Tuesday, September 24, 2013

Court of Appeals Addresses Requirements for Enforcement of Choice of Venue

Court of Appeals Addresses Requirements for Enforcement of Choice of Venue
      In a recent decision of the Kentucky Court of Appeals, it returned to the trial court for further findings its determination to enforce a choice of venue provision in a written contract.  Robinson v. Colorado Personnel Resources Inc., 2013 WL 5050489 (Ky. App. Sept. 13, 2013).  This opinion is designated as “Not To Be Published.”
      Robinson, a certified registered nurse anesthetist, entered into a one-year agreement with Colorado Personnel Resources (“CPR”).  Six months into the agreement, CPR terminated that agreement, and in response Robinson filed suit in Jefferson Circuit Court.  CPR, in turn, filed a motion to dismiss the action on the basis of a choice of forum provision in its agreement with Robinson, that provision providing:
The laws of the State of Colorado shall govern this agreement.  Any dispute arising under the term or execution of this agreement shall be submitted to arbitration in the State of Colorado pursuant to the laws of the State of Colorado.
      In response to CPR’s motion, the trial court entered an order pursuant to which it “declines to exercise jurisdiction in this matter as a result of the parties’ selection of forum, and that this action is thereby dismissed.”
      The Court of Appeals noted that Kentucky has adopted § 80 of the Restatement (Second) Conflict of Laws, it providing, inter alia, that a venue selection will be given effect unless it is unfair or unreasonable.  In reliance upon Prezocki v. Bullock Garages, Inc., 938 S.W.2d 888, 889 (Ky. 1997), it stated that the following will be applied in determining whether the venue clause is either unfair or unreasonable, namely:

·                    Inconvenience of the chosen forum;

·                    Disparity in bargaining power between the parties; and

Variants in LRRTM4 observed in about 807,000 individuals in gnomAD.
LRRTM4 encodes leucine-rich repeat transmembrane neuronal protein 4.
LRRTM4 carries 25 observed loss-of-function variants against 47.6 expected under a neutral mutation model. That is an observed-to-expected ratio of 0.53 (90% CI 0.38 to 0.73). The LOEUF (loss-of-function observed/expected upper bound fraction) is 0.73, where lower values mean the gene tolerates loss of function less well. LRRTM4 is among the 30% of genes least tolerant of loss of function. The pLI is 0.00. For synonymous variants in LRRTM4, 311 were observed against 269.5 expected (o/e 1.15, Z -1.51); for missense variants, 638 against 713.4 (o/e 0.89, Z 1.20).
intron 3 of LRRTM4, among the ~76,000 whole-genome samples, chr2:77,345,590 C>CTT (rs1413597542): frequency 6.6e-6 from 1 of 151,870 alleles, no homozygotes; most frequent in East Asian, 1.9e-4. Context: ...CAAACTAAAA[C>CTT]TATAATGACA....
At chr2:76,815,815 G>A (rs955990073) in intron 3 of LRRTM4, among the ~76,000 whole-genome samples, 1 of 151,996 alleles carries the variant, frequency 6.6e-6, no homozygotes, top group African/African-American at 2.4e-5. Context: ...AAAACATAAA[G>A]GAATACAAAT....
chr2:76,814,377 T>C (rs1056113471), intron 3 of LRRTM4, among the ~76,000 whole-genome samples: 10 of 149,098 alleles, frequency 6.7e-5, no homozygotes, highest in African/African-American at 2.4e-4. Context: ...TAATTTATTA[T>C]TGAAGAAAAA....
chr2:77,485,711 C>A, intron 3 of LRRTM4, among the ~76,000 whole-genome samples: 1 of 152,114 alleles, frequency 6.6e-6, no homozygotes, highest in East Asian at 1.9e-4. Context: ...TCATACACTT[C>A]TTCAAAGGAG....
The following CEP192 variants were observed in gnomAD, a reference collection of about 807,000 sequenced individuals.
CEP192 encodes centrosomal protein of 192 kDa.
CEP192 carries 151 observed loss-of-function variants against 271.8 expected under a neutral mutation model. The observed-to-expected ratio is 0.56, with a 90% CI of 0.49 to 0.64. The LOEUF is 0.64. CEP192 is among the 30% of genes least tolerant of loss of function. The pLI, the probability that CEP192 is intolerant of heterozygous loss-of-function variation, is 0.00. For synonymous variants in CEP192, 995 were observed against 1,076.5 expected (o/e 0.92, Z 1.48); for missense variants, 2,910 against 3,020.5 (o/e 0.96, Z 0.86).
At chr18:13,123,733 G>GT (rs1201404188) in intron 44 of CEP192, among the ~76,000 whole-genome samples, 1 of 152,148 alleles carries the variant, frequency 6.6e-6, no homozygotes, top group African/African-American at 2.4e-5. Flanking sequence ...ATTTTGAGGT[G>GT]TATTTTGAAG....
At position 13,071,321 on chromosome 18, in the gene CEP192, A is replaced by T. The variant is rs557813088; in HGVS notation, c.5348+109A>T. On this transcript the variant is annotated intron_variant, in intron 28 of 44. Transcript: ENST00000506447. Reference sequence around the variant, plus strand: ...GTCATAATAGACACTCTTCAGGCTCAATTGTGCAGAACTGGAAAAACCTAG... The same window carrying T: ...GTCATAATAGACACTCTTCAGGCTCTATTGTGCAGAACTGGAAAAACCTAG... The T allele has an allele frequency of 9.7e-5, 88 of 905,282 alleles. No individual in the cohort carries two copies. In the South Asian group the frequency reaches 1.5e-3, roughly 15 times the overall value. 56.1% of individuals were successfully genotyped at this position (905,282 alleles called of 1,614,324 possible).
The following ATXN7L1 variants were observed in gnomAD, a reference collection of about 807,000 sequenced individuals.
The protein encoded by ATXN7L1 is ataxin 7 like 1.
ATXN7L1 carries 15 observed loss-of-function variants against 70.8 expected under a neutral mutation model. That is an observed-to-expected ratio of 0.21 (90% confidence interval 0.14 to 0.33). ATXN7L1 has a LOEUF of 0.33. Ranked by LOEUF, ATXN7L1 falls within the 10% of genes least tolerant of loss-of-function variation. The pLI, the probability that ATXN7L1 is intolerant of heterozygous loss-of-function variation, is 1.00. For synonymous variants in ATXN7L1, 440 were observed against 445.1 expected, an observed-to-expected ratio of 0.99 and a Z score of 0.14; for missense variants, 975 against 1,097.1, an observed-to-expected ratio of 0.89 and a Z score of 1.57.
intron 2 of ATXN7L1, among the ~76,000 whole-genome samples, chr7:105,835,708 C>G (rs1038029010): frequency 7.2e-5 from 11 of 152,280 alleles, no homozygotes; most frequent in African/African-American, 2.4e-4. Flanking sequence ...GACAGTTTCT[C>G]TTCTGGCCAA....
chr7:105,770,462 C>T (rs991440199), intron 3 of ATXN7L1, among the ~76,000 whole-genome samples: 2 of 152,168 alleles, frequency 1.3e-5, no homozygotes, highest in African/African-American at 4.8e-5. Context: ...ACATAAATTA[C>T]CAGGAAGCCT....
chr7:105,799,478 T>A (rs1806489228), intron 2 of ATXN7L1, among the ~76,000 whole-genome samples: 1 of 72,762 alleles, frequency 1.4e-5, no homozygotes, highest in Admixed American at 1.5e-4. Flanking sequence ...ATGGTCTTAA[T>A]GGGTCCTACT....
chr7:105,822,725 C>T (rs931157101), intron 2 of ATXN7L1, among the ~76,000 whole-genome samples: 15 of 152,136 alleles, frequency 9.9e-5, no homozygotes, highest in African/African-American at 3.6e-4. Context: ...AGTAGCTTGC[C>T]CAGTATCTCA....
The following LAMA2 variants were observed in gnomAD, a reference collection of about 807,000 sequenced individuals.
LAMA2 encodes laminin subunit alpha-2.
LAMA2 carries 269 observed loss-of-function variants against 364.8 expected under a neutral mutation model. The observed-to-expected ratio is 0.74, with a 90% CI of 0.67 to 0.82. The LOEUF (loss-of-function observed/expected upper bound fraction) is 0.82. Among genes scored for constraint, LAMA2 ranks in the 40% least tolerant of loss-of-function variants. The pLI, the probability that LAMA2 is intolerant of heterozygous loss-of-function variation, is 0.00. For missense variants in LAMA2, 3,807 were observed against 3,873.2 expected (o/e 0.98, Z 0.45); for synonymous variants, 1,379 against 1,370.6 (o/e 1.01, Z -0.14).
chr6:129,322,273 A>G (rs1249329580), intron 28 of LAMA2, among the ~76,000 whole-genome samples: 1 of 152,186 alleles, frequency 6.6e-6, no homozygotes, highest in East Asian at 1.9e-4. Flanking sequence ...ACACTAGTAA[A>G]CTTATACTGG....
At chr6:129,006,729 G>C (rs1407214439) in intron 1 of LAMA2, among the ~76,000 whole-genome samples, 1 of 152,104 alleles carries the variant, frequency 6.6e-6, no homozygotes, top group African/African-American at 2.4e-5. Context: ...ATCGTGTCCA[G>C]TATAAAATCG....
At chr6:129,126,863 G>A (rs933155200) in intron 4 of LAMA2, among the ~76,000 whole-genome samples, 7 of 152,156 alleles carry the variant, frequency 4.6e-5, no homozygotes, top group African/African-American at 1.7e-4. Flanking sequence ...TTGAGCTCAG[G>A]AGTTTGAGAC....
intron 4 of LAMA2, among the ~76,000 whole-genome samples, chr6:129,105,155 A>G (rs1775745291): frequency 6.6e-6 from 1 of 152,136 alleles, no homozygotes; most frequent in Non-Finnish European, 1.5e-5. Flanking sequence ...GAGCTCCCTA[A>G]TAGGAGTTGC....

·                    Whether Kentucky maintains more than a minimal interest in the dispute.

            In this instance, the Court of Appeals acknowledged that the trial court may have undertaken this analysis, but the record was silent as to whether or not it did so.  Signaling an apparent lack of concern with the substance of the decision and critiquing only its form, the Court of Appeals wrote:
While trial court likely reached the proper conclusion in dismissing the action, because it did not make the appropriate findings as to the reasonableness of the choice of forum provision in the parties’ agreement, we must reverse and remand for further proceedings. On remand, the trial court is directed to make findings on the record in conformity with Prudential [Resources Corp. v. Plunkett, 583 S.W.2d 97 (Ky. App. 1979)].
      At least two consequences need to be recognized.  First, in any contractual action, it appears that the party seeking enforcement of a choice of venue is going to be saddled with an affirmative burden to demonstrate the reasonableness of that provision.  This burden is only going to give rise to additional, likely unjustified, arguments by a counterparty who, for whatever reason, seeks to avoid the choice of venue.  Second, with respect to transactional attorneys, decisions of this nature, qualifying the effectiveness of a contractual provision upon an ex-post facts and circumstances analysis, make it more difficult to give legal opinions and other assurances as to the enforcement of agreements as written.


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